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24 Reasons Why the “Golden Age” of Japanese Film Really WAS Golden (Part III)
10. Wild Geese [aka The Mistress] (Gan) (Dir: Shirō Toyoda, 1953)
This is the sort of sensitive character study – a love story without sex or even any open acknowledgement of love – that the Japanese once did supremely well… and that Hollywood has almost always done badly. In the Meiji Era (late 19th Century), a young woman, Otama (Hideko Takamine), is virtually sold to a middle-aged moneylender named Suezō by her father to save her family from destitution. Otama goes along with the deal because she vainly hopes Suezō will marry her and make her respectable. (She believes the already married man is a widower.) Meanwhile, she falls in love, platonically, with a sensitive university student, Okada (Hiroshi Akutagawa), who passes her house each day. However, Okada, though clearly attracted to the kept woman, plans to leave for Germany to study medicine. Director Shirō Toyoda handles what might have been a rather sordid tale with grace and admirable restraint. But what really sets this film apart from Hollywood convention is the depiction of Suezō, played by the wonderful character actor Eijirō Tōno. In an American picture, Suezō would surely be depicted as irredeemably evil. But Tōno, under Toyoda’s sure direction, portrays him as an almost sympathetic character. He’s a liar, usurer and adulterer, true, but he also loves Otama in his inept, pathetic way… a love that, like hers for the student, is doomed never to be fulfilled.
11. Twenty-Four Eyes (Nijū-shi no Hotomi) (Dir: Keisuke Kinoshita, 1954)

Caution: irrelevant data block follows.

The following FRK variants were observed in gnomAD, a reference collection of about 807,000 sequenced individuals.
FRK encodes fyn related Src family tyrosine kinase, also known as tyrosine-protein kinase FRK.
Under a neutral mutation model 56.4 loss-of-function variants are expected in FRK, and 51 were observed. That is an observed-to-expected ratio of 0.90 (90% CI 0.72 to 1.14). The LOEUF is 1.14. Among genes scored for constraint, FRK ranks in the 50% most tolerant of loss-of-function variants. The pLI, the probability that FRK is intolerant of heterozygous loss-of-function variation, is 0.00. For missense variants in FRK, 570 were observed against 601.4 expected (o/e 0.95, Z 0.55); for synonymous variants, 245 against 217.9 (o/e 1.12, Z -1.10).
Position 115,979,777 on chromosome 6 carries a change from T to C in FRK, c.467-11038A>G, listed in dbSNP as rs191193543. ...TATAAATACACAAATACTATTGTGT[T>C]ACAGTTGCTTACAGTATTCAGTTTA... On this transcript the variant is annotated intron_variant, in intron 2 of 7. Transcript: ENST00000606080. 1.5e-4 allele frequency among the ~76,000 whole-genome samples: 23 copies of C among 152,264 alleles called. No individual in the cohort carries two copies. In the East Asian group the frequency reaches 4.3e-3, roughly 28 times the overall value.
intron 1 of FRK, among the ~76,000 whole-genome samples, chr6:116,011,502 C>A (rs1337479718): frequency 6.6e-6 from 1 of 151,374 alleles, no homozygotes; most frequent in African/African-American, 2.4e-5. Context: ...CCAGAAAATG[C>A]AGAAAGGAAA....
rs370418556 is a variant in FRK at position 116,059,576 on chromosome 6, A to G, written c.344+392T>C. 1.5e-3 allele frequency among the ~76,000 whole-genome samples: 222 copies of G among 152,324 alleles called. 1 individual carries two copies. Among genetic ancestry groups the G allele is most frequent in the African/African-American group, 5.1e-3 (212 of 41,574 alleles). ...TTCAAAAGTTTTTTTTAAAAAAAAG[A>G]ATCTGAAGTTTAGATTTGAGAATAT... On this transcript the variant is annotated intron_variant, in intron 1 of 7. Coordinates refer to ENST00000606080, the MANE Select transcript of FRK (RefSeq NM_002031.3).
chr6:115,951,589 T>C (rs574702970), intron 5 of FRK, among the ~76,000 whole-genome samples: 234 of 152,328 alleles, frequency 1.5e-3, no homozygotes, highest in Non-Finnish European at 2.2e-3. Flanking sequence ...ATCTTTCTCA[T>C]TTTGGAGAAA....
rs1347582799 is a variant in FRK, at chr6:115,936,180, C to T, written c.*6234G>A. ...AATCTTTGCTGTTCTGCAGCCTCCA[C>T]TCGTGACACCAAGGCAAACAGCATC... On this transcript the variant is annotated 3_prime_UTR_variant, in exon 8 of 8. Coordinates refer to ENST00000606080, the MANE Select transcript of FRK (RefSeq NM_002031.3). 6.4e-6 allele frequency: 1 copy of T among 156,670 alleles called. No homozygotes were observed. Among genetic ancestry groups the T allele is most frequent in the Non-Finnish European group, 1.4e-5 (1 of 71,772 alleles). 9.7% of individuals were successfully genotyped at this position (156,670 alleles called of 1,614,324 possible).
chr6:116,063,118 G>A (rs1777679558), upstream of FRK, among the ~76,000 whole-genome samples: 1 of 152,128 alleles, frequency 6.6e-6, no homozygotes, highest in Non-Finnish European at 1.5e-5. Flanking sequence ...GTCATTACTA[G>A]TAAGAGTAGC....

This film is not only Kinoshita’s most popular work, but one of Japan’s most beloved movies. At a rural island community in the late 1920s, a new schoolteacher from the city, Miss Ōishi (Hideko Takamine), arrives to instruct the local schoolchildren, who are delighted with her. (There are twelve students in each class: hence, “twenty-four eyes.” The number “24,” by the way, also inspired the title of this article.) But the fascist dictatorship soon takes power, and the morally righteous Miss Ōishi needs to decide whether she can continue to teach while her country prepares for war. As the critic Tadao Sato rightly claims, Takamine’s heroic teacher is too good, too idealized. He also points out that the film portrays the Japanese as pure victims of tyranny and refuses to raise the thorny issues of complicity and war crimes. However, Kinoshita, a gifted and conscientious craftsman, has cast the movie very cleverly. Since the heroine is shown teaching the same children at different grade levels, Kinoshita carefully auditioned pairs of look-alike siblings, five or six years apart in age, to play the schoolchildren. The audience thus seems to watch these cute kids grow up before its eyes, and the sense of an entire generation wasted by poverty and war becomes overwhelming. The ending, with Miss Ōishi, now a middle-aged woman, visited by her sad, surviving former students, is one of Japanese Cinema’s most memorable “three-handkerchief” scenes.